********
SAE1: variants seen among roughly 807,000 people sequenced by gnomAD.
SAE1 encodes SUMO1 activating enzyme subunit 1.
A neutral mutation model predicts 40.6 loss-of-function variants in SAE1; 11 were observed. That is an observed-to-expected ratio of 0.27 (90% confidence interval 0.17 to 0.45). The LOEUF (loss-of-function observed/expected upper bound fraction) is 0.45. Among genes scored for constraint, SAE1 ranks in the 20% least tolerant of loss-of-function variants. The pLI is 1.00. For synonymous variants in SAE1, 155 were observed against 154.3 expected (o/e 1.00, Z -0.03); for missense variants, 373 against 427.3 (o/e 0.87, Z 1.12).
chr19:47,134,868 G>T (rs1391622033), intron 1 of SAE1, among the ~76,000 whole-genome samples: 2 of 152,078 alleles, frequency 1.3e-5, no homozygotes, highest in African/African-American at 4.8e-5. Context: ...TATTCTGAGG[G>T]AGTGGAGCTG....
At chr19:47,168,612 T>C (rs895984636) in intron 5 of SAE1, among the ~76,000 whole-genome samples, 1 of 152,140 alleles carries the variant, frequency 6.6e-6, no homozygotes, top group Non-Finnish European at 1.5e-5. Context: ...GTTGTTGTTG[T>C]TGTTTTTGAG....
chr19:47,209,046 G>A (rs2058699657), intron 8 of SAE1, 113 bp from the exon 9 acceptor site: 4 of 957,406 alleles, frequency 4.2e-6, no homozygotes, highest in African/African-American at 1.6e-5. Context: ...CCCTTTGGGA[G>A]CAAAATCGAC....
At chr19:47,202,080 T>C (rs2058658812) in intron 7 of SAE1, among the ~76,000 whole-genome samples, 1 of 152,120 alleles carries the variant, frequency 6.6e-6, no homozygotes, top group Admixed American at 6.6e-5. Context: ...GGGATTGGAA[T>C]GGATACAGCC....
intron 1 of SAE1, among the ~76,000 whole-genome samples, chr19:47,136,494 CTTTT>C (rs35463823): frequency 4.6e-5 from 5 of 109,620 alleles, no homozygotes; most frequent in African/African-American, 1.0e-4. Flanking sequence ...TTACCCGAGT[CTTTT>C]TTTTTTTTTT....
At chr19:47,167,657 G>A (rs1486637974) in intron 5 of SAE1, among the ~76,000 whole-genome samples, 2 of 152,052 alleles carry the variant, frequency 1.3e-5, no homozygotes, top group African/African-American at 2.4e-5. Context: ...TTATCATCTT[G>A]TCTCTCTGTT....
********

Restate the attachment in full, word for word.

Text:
SAE1: variants seen among roughly 807,000 people sequenced by gnomAD.
SAE1 encodes SUMO1 activating enzyme subunit 1.
A neutral mutation model predicts 40.6 loss-of-function variants in SAE1; 11 were observed. That is an observed-to-expected ratio of 0.27 (90% confidence interval 0.17 to 0.45). The LOEUF (loss-of-function observed/expected upper bound fraction) is 0.45. Among genes scored for constraint, SAE1 ranks in the 20% least tolerant of loss-of-function variants. The pLI is 1.00. For synonymous variants in SAE1, 155 were observed against 154.3 expected (o/e 1.00, Z -0.03); for missense variants, 373 against 427.3 (o/e 0.87, Z 1.12).
chr19:47,134,868 G>T (rs1391622033), intron 1 of SAE1, among the ~76,000 whole-genome samples: 2 of 152,078 alleles, frequency 1.3e-5, no homozygotes, highest in African/African-American at 4.8e-5. Context: ...TATTCTGAGG[G>T]AGTGGAGCTG....
At chr19:47,168,612 T>C (rs895984636) in intron 5 of SAE1, among the ~76,000 whole-genome samples, 1 of 152,140 alleles carries the variant, frequency 6.6e-6, no homozygotes, top group Non-Finnish European at 1.5e-5. Context: ...GTTGTTGTTG[T>C]TGTTTTTGAG....
chr19:47,209,046 G>A (rs2058699657), intron 8 of SAE1, 113 bp from the exon 9 acceptor site: 4 of 957,406 alleles, frequency 4.2e-6, no homozygotes, highest in African/African-American at 1.6e-5. Context: ...CCCTTTGGGA[G>A]CAAAATCGAC....
At chr19:47,202,080 T>C (rs2058658812) in intron 7 of SAE1, among the ~76,000 whole-genome samples, 1 of 152,120 alleles carries the variant, frequency 6.6e-6, no homozygotes, top group Admixed American at 6.6e-5. Context: ...GGGATTGGAA[T>C]GGATACAGCC....
intron 1 of SAE1, among the ~76,000 whole-genome samples, chr19:47,136,494 CTTTT>C (rs35463823): frequency 4.6e-5 from 5 of 109,620 alleles, no homozygotes; most frequent in African/African-American, 1.0e-4. Flanking sequence ...TTACCCGAGT[CTTTT>C]TTTTTTTTTT....
At chr19:47,167,657 G>A (rs1486637974) in intron 5 of SAE1, among the ~76,000 whole-genome samples, 2 of 152,052 alleles carry the variant, frequency 1.3e-5, no homozygotes, top group African/African-American at 2.4e-5. Context: ...TTATCATCTT[G>A]TCTCTCTGTT....